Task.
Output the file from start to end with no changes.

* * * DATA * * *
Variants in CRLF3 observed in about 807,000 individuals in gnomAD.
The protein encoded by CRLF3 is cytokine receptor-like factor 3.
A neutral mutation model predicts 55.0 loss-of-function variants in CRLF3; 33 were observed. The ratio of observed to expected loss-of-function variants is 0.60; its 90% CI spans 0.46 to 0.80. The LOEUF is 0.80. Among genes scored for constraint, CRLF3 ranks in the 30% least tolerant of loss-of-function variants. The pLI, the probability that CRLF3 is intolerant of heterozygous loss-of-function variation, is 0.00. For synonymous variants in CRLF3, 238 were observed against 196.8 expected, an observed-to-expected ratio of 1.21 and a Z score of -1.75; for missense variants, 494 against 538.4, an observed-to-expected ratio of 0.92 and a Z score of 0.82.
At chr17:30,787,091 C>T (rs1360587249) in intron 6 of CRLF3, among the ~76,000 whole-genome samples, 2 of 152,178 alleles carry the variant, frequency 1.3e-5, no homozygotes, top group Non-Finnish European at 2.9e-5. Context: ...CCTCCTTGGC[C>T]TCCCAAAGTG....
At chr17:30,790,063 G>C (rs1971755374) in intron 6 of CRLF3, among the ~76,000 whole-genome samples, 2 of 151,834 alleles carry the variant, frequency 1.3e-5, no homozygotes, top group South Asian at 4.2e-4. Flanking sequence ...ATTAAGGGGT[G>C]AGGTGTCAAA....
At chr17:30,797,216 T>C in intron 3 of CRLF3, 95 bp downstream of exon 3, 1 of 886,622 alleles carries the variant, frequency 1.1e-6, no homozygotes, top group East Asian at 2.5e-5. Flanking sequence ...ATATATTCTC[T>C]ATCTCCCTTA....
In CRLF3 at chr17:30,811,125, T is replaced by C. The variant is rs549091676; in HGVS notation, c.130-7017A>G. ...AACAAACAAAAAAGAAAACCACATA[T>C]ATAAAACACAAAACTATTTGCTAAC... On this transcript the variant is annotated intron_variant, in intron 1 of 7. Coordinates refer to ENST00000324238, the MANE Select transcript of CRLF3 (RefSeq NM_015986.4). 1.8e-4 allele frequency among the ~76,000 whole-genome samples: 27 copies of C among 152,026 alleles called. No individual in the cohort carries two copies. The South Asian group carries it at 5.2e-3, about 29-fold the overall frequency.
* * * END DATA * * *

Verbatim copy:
Variants in CRLF3 observed in about 807,000 individuals in gnomAD.
The protein encoded by CRLF3 is cytokine receptor-like factor 3.
A neutral mutation model predicts 55.0 loss-of-function variants in CRLF3; 33 were observed. The ratio of observed to expected loss-of-function variants is 0.60; its 90% CI spans 0.46 to 0.80. The LOEUF is 0.80. Among genes scored for constraint, CRLF3 ranks in the 30% least tolerant of loss-of-function variants. The pLI, the probability that CRLF3 is intolerant of heterozygous loss-of-function variation, is 0.00. For synonymous variants in CRLF3, 238 were observed against 196.8 expected, an observed-to-expected ratio of 1.21 and a Z score of -1.75; for missense variants, 494 against 538.4, an observed-to-expected ratio of 0.92 and a Z score of 0.82.
At chr17:30,787,091 C>T (rs1360587249) in intron 6 of CRLF3, among the ~76,000 whole-genome samples, 2 of 152,178 alleles carry the variant, frequency 1.3e-5, no homozygotes, top group Non-Finnish European at 2.9e-5. Context: ...CCTCCTTGGC[C>T]TCCCAAAGTG....
At chr17:30,790,063 G>C (rs1971755374) in intron 6 of CRLF3, among the ~76,000 whole-genome samples, 2 of 151,834 alleles carry the variant, frequency 1.3e-5, no homozygotes, top group South Asian at 4.2e-4. Flanking sequence ...ATTAAGGGGT[G>C]AGGTGTCAAA....
At chr17:30,797,216 T>C in intron 3 of CRLF3, 95 bp downstream of exon 3, 1 of 886,622 alleles carries the variant, frequency 1.1e-6, no homozygotes, top group East Asian at 2.5e-5. Flanking sequence ...ATATATTCTC[T>C]ATCTCCCTTA....
In CRLF3 at chr17:30,811,125, T is replaced by C. The variant is rs549091676; in HGVS notation, c.130-7017A>G. ...AACAAACAAAAAAGAAAACCACATA[T>C]ATAAAACACAAAACTATTTGCTAAC... On this transcript the variant is annotated intron_variant, in intron 1 of 7. Coordinates refer to ENST00000324238, the MANE Select transcript of CRLF3 (RefSeq NM_015986.4). 1.8e-4 allele frequency among the ~76,000 whole-genome samples: 27 copies of C among 152,026 alleles called. No individual in the cohort carries two copies. The South Asian group carries it at 5.2e-3, about 29-fold the overall frequency.